Trello & High School Planning

I recently had the satisfaction of beginning something that for almost the last decade has been at the back of my mind as both something to anticipate and something to fear. Planning for high school. Yes, high school!

Although I’ve watched many homeschoolers complete their high school careers and talked with many mothers who’ve gone through the process with them, there is still a cloud of mystery surrounding what high school is going to look like for your child. Ive even gone to a few meetings and conference sessions that pertain to homeschooling your high schooler. I’ve learned all about dual credit and AP classes and “CLEP-ing out” and what colleges are looking for and how to keep good transcripts and…

But then a few weeks ago I began what usually begins around this time of year: making curriculum decisions for the following fall. What worked, what didn’t, what needs to be ditched? For H, this is straight-forward: If what you’re using now isn’t a good fit, let’s switch to what your sister used and see if it works. But K is my guinea pig. She’s the one who gets to give things a test run. Everything is a first-time deal for her. I’ve not explored her options previously. So, when I set about looking into curriculum for her freshman year, I remembered that the daunting task of figuring out all four years was finally upon me.

Of course, the first thing I needed to do was figure out how I was going to keep track of everything. For four years, no less! If I put it into a spiral-bound notebook or typed it out in Excel, I’d most likely have to hunt for it each year or semester when I had to refer back to it. Not gonna lie!

Since I needed to list out the classes required for graduation, I thought Trello would be the perfect fit. I can make separate lists for each subject, pop in the classes, and add notes to the back of the “cards.”

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Once I listed out everything I could think of at the time, I made another list titled “Freshman Year.” Since you can easily move the cards from one list to another by dragging and dropping, I was able to move over all of the classes she’s going to take in 9th grade. Language arts is still kind of up in the air as far as what we’re going to be using, and I’m sure we’ll find more electives for her to take, but this is a fairly comprehensive overview of what K will be doing for her high school career.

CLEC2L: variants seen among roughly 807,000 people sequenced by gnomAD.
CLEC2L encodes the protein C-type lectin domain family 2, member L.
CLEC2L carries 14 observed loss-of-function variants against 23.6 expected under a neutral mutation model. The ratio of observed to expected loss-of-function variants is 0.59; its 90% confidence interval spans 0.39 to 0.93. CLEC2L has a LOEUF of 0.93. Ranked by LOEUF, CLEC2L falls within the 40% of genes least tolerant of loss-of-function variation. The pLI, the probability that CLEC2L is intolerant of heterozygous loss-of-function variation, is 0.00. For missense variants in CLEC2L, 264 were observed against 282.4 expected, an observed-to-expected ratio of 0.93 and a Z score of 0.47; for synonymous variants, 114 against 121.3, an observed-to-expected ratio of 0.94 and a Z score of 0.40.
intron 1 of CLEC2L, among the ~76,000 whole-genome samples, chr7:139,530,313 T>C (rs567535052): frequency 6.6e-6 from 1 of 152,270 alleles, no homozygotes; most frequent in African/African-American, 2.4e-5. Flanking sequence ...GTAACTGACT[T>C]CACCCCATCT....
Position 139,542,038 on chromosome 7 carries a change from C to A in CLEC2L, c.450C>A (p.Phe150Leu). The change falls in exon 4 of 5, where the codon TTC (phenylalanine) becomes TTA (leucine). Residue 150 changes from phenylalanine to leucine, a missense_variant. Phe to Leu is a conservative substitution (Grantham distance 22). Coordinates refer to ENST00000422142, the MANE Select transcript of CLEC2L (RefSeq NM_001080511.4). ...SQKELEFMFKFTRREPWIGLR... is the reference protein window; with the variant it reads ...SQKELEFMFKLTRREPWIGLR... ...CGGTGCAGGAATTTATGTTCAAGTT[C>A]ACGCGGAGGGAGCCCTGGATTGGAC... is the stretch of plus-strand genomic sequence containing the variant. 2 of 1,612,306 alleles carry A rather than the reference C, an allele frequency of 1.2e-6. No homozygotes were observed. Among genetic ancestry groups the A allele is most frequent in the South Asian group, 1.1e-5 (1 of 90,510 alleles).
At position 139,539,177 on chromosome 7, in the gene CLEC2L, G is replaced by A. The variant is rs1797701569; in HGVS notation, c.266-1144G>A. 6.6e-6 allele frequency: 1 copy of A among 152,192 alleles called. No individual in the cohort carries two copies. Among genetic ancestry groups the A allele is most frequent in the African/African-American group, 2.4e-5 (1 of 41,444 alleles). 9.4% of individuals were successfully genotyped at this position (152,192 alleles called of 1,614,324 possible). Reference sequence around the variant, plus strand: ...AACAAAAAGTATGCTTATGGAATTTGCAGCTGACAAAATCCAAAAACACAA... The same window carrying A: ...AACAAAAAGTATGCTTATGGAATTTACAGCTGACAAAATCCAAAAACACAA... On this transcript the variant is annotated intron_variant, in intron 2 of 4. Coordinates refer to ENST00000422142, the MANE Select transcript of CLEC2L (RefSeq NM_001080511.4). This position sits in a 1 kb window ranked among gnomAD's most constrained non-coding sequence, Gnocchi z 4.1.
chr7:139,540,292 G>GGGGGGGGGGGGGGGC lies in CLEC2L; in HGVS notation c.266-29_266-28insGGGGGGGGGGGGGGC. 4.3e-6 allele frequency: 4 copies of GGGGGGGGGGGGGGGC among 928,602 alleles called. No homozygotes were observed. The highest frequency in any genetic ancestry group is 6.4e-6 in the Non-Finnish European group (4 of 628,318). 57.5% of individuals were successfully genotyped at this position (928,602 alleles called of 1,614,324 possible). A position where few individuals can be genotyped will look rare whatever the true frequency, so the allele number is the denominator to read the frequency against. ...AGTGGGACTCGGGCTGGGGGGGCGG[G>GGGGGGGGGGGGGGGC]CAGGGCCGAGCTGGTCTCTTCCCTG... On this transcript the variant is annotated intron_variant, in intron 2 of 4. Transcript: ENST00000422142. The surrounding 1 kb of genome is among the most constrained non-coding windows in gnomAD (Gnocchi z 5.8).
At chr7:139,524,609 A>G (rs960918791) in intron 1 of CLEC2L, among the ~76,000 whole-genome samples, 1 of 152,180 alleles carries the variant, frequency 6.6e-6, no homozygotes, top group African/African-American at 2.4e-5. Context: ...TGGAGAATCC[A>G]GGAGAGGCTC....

On the backs of the cards, I noted cost and pasted a link of where to purchase the necessary items for each class.
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If I discover more information that I’d like to keep for future reference, I can always add more links and notes to the card at a later time, including dates and shipping information when I actually order the materials. I can also change my mind as to which year a certain class takes place and move the cards around. And I’m almost positive that with how much I love Trello, I’ll keep coming up with more and more ideas of how to use it in our homeschool!

So, while I’m still entering the realm of the unknown, I feel like mapping out four years of curriculum at one time was really not so bad. My next challenge: Getting my teenager to stop digging her heels in every day! (Any pointers in the comments are greatly appreciated!)

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